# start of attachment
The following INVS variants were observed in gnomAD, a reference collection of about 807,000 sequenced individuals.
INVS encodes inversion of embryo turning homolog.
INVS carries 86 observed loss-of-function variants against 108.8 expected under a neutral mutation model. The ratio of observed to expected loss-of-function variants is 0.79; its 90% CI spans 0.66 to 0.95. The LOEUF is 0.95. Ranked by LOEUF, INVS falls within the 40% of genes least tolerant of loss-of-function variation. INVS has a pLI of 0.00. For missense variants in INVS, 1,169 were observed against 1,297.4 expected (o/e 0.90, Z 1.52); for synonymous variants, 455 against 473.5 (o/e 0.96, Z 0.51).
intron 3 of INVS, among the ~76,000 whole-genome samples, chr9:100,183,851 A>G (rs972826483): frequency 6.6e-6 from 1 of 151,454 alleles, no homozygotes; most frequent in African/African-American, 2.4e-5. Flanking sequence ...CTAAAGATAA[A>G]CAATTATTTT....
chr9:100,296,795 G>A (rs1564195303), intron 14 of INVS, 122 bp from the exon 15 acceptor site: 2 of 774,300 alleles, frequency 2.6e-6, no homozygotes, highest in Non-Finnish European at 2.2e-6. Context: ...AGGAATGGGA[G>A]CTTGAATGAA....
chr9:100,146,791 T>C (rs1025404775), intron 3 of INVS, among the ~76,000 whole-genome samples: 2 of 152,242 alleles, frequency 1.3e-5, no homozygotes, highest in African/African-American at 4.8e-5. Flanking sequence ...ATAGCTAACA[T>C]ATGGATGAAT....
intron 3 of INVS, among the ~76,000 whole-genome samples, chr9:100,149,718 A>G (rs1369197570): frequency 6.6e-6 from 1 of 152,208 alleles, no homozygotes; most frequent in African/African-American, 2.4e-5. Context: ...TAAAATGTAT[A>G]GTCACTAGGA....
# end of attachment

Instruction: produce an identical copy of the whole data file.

The following INVS variants were observed in gnomAD, a reference collection of about 807,000 sequenced individuals.
INVS encodes inversion of embryo turning homolog.
INVS carries 86 observed loss-of-function variants against 108.8 expected under a neutral mutation model. The ratio of observed to expected loss-of-function variants is 0.79; its 90% CI spans 0.66 to 0.95. The LOEUF is 0.95. Ranked by LOEUF, INVS falls within the 40% of genes least tolerant of loss-of-function variation. INVS has a pLI of 0.00. For missense variants in INVS, 1,169 were observed against 1,297.4 expected (o/e 0.90, Z 1.52); for synonymous variants, 455 against 473.5 (o/e 0.96, Z 0.51).
intron 3 of INVS, among the ~76,000 whole-genome samples, chr9:100,183,851 A>G (rs972826483): frequency 6.6e-6 from 1 of 151,454 alleles, no homozygotes; most frequent in African/African-American, 2.4e-5. Flanking sequence ...CTAAAGATAA[A>G]CAATTATTTT....
chr9:100,296,795 G>A (rs1564195303), intron 14 of INVS, 122 bp from the exon 15 acceptor site: 2 of 774,300 alleles, frequency 2.6e-6, no homozygotes, highest in Non-Finnish European at 2.2e-6. Context: ...AGGAATGGGA[G>A]CTTGAATGAA....
chr9:100,146,791 T>C (rs1025404775), intron 3 of INVS, among the ~76,000 whole-genome samples: 2 of 152,242 alleles, frequency 1.3e-5, no homozygotes, highest in African/African-American at 4.8e-5. Flanking sequence ...ATAGCTAACA[T>C]ATGGATGAAT....
intron 3 of INVS, among the ~76,000 whole-genome samples, chr9:100,149,718 A>G (rs1369197570): frequency 6.6e-6 from 1 of 152,208 alleles, no homozygotes; most frequent in African/African-American, 2.4e-5. Context: ...TAAAATGTAT[A>G]GTCACTAGGA....